Company E of the 9th Infantry reading newspapers during the Spanish-American war. 1898. Black & white photoprint, 8 x 10 in. State Archives of Florida, Florida Memory. <>, accessed 30 June 2016.
Telegram from Nelson A. Rockefeller to Louis W. Kortmann.
Rockefeller asks Kortmann to meet to discuss the effectiveness
of state programs. Courtesy of the Louis W. Kortmann
Collection at the Grems-Doolittle Library and Archives.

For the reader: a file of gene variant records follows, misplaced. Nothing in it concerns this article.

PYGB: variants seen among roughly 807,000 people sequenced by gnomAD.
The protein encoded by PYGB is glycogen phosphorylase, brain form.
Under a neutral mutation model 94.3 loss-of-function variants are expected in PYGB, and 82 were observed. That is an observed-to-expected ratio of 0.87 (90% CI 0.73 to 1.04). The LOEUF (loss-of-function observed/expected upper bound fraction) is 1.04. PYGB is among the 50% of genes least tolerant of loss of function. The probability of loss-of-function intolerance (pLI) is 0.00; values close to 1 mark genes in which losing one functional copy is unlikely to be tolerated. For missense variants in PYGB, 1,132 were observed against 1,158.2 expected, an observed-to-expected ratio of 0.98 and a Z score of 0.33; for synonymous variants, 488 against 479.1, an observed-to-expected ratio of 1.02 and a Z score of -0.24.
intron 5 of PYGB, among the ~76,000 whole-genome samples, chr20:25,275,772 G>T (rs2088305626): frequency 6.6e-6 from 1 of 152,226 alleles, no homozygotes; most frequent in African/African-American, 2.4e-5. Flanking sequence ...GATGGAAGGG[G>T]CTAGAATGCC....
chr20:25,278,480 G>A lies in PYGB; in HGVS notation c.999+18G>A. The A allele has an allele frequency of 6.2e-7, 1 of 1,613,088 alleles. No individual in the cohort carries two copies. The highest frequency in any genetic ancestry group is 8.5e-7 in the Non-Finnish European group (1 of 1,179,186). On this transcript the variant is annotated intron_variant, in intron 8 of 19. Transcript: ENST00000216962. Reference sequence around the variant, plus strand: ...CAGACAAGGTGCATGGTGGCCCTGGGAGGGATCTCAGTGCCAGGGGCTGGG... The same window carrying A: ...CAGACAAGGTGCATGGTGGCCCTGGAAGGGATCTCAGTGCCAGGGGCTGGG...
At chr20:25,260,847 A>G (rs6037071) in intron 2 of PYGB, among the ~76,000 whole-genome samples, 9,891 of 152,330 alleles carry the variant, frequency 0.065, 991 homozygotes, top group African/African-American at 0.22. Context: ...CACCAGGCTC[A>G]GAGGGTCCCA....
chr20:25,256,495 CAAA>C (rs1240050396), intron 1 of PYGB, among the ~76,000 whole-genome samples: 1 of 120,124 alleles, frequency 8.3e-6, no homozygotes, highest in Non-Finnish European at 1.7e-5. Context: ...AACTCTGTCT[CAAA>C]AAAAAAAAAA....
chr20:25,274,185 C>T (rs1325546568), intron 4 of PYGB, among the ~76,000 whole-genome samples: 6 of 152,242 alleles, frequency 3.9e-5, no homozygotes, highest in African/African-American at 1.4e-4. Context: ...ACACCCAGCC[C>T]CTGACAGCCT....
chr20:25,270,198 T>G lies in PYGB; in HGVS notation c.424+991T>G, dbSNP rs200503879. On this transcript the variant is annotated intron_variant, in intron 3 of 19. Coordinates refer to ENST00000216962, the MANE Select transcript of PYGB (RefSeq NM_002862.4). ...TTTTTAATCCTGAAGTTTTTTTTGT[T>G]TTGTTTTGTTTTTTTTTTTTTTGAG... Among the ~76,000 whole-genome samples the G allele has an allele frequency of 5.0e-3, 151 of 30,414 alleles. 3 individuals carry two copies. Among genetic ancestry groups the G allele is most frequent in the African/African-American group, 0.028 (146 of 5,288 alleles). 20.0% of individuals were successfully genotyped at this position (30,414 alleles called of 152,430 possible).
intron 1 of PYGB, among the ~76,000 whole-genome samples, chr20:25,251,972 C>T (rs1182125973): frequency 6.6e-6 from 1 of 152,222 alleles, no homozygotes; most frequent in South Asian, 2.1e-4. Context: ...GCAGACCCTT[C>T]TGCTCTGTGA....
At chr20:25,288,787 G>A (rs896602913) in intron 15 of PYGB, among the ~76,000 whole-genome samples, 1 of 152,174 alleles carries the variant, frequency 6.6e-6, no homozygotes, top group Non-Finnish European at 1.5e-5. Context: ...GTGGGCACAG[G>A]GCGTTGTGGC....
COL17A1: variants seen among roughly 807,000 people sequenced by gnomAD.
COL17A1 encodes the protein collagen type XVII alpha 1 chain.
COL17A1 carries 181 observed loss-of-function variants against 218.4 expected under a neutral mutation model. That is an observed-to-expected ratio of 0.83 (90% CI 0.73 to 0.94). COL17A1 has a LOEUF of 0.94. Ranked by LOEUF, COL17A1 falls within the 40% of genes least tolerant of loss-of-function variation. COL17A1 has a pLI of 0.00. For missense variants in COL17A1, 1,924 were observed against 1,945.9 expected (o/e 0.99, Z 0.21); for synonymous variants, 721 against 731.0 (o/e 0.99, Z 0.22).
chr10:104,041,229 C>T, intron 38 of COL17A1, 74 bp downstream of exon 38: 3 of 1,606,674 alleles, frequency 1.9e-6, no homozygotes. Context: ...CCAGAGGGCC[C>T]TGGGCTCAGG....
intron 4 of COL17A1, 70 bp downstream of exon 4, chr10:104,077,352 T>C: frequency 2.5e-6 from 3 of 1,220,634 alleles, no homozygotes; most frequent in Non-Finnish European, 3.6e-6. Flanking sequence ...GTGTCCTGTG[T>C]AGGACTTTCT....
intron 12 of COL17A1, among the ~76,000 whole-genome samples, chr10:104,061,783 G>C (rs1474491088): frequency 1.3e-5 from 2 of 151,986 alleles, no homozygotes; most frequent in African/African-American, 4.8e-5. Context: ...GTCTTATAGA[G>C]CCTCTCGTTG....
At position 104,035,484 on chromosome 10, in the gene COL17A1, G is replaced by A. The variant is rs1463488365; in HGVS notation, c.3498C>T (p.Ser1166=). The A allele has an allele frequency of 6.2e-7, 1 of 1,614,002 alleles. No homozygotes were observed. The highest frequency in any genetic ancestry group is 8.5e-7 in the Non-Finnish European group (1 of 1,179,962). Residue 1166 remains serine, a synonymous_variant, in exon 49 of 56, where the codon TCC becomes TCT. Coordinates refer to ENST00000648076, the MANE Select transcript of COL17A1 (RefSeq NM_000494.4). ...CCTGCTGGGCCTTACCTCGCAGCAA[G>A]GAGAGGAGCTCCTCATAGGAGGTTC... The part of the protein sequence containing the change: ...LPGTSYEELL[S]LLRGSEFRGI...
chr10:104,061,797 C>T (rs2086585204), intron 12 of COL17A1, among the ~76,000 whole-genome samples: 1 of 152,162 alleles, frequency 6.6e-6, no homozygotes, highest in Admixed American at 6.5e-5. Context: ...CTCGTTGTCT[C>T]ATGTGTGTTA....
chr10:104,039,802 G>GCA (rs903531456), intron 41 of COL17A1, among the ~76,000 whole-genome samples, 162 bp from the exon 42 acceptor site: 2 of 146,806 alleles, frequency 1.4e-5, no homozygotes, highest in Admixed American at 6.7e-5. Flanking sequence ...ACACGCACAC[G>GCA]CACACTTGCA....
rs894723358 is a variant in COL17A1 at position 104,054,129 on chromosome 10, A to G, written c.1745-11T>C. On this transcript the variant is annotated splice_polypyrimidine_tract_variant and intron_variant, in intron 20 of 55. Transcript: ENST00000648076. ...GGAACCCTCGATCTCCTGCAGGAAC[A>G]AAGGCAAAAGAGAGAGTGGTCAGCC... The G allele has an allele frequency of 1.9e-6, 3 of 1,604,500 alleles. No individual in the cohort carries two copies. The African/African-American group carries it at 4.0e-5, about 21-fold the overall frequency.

Kortmann made it back to his wife and ended up playing for the United States Military Academy Band. In 1905, their son Louis W. Kortmann Jr. was born. The Kortmann’s eventually settled in Schenectady and Louis Jr. started his banking career as a teller at the Schenectady Trust Company. Kortmann would work his way up to become president of the bank. This collection doesn’t contain too many personal details about Louis Jr.’s life, but from its contents, we see that he dealt with some very important people. There is an invitation to John F. Kennedy’s inauguration, a letter from Robert F. Kennedy, and a telegram from Nelson A. Rockefeller. Unfortunately, I haven’t been able to find much more about Kortmann Jr.’s life. The bits and pieces that are there mostly deal with his time as president of the Schenectady Trust Company. This collection gives a glimpse into his life, and I hope to dig up a bit more about him in the future.